I'd imagine the Geras/Brownie response would be something along the lines of picking up your "how their actions were legitimised by other people" idea - that is, if we misread 'understand' as 'condone', then somehow terrorism becomes less taboo in society, or some such.

I've just been reading up on Geras's approach to all this and it's actually worse than I remembered, though in fairness he does name names. He says:

Not everyone in search of understanding and explanation is an apologist for what they want to understand and explain. This should go without saying; otherwise there could be no historians of fascism, or genocide, and no sociology of crime. But as everyone knows from daily life, lame excuse-making under cover of understanding also happens. This is, so to put it, a theoretical possibility, and one that is sometimes empirically instantiated.

well yes. So he goes on to differentiate between the two, right? Nope - he claims that everyone he's discussing is in the latter camp, with absolutely no evidence. And the people he singled out as the best examples of a phenomenon of which there are 'many other' examples? They were as follows: Mundher al-Adhami, someone I've never heard of and who is barely even a presence on Google; a piece by Dilpazier Azam, who needs no comment surely but obviously does not speak for a very large group; and Madline Bunting, whose piece Geras definitely does misrepresent to a frankly offensive degree. It really wasn't very widespread.

He then more or less echoes Brownie:

if understanding and not justifying or condoning is what it is really all about, why is this 'understanding' discourse never deployed by the same people when racist thugs, angry about immigration, carry out hate crimes?

Well, partly because it'd be hard to know what 'the same people' think if we're talking about the two marginal voices I mentioned first; but again, he so badly misrepresents Bunting that you can't include her in this list. His 'clincher' is something unproveable and in the eye of the beholder.

This is the problem with so much of Geras's writing - it's the same old straw man ranting dressed up as logical.

but to reiterate, Geras himslf says:

to understand is not necessarily to condone

a shame that he never actually bothered to think about the other side.

Phil said...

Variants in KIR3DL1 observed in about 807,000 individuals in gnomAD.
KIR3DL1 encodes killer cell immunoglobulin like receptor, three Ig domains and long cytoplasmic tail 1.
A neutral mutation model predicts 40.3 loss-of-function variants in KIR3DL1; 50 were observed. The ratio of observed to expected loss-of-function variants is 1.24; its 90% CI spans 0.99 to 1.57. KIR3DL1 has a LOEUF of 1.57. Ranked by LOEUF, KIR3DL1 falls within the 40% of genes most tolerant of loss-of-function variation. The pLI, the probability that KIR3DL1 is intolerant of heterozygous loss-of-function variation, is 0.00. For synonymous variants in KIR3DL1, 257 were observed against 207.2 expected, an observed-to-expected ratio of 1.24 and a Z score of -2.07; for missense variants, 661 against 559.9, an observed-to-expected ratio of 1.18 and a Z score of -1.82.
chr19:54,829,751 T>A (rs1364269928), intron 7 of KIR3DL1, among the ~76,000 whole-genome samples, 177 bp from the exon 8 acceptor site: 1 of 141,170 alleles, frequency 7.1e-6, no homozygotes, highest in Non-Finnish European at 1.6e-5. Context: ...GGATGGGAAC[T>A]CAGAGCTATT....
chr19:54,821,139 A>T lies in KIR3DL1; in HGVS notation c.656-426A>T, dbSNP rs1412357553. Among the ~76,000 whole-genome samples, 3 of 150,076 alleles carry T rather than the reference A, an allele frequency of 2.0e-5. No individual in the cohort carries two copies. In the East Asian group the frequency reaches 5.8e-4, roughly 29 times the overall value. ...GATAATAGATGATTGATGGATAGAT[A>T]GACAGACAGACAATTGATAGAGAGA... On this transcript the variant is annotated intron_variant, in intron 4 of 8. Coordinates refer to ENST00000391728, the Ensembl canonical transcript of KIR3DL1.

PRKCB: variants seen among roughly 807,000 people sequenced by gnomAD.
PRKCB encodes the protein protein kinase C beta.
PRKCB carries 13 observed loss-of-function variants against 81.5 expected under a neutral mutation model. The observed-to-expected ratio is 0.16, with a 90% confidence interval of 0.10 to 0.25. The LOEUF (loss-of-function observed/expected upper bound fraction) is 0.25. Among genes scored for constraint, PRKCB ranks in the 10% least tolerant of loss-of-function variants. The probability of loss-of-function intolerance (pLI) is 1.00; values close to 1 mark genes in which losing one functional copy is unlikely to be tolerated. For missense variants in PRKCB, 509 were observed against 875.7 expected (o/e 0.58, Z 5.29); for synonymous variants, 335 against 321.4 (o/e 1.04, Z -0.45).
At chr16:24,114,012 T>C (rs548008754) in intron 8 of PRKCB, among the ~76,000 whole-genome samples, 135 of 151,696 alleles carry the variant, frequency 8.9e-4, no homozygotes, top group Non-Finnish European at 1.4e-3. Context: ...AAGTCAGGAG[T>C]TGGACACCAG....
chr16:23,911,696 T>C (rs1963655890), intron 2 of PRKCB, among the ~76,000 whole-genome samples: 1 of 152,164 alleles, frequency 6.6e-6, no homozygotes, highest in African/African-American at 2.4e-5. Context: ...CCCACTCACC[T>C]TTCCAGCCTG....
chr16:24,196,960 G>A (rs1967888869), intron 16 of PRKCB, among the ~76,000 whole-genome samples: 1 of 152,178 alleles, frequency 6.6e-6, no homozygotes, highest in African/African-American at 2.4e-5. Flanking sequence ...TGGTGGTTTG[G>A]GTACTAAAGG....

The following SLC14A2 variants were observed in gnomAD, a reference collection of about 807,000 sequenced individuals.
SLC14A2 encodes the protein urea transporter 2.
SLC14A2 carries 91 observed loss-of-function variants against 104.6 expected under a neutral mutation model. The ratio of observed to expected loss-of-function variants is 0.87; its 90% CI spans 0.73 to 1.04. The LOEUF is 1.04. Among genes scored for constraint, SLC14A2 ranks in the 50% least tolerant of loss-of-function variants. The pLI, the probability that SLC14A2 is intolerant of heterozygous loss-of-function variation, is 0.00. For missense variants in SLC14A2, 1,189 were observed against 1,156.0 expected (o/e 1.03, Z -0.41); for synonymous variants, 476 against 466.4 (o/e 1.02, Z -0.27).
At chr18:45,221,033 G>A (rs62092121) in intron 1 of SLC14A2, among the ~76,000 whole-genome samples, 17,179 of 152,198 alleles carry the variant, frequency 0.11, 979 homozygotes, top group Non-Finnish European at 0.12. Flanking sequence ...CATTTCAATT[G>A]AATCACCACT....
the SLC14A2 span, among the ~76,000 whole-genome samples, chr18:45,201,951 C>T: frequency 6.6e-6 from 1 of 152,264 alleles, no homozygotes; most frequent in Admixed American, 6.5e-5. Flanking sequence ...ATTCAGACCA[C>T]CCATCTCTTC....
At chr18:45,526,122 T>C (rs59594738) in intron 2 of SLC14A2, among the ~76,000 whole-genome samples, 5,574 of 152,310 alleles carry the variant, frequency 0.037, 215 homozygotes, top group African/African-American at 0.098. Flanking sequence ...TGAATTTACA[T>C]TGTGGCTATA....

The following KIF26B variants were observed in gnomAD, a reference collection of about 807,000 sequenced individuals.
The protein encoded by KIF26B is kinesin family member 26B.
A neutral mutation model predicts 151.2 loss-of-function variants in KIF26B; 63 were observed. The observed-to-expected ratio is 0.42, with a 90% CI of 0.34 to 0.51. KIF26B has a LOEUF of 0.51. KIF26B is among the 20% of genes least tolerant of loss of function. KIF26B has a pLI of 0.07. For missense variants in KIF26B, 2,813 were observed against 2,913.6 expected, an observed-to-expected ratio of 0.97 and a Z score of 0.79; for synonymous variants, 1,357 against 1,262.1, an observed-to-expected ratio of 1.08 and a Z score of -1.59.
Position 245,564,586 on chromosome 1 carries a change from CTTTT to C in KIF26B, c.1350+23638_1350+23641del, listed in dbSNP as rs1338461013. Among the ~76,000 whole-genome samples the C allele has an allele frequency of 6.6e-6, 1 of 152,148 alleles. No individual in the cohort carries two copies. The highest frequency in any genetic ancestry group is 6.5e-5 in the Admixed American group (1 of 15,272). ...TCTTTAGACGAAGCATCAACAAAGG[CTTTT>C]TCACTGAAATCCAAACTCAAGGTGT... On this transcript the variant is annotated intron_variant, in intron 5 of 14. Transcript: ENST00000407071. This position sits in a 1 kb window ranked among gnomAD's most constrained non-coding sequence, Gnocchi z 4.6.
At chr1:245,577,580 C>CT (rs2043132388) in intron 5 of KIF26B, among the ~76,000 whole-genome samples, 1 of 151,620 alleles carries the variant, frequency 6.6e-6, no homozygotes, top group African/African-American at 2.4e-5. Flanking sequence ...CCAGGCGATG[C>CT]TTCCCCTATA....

I think it's rather important to understand people like McVeigh and Copeland and what motivated their actions. Apart from anything else, if the answer is "weird random personal screw-ups" we can all breathe a lot easier than if it turns out to be (for example) "ignorant anger of a sort which is shared quite widely and cultivated by people who want to sell papers". Anyone slinging "apologist charges" at somebody trying to understand the far Right deserves to be told to shut up.

Geras's quoted argument shares the structure of his attacks on anti-Zionists - a kind of double undistributed middle. First step: some anti-Zionists can reasonably be suspected of anti-semitism; X is an anti-Zionist; therefore X can reasonably be suspected of anti-semitism. Second step: some sincere anti-racists condemn issue Y; X does not condemn Y; X is therefore not a sincere anti-racist.

It's the most awful hogwash, really.

ejh: what the historian has to do is try and understand what led people to carry out (or support, or turn a blind eye to) these kind of acts

Geras wrote about just this problem in his 1998 book The contract of mutual indifference. From memory, I think even then he was more concerned to condemn than to explain.

levi9909 said...

I don't want to lower the tone here but I've just read Aaro's Normfest contribution. It's headed, Farewell to Norm, a thinker, not a fighter.

The last line:
Norm always, always played the ball, not the man

Of course, that would mean a lot to Aaro, ad hominem smears not being his thing at all.

http://normfest.org/2013/10/21/david-aaronovitch-farewell-to-norm-a-thinker-not-a-fighter/

Phil said...

Longer and even more unbelievable quote:

Trying to find arguments that gave proper shape to my instincts about the world, I went to Norm, online, and often found them.

And found them expressed in the language of humour, proper scepticism, close argument and an absence of rancour. Norm always, always played the ball, not the man.

The part about the ad homs is weird enough - considering that both Norm and Aaro indulged in them with relish (Aaro more than Norm, to be fair) - but absence of rancour? Are we talking about the same blog? Or is it only rancour if you use swearwords?

flyingrodent said...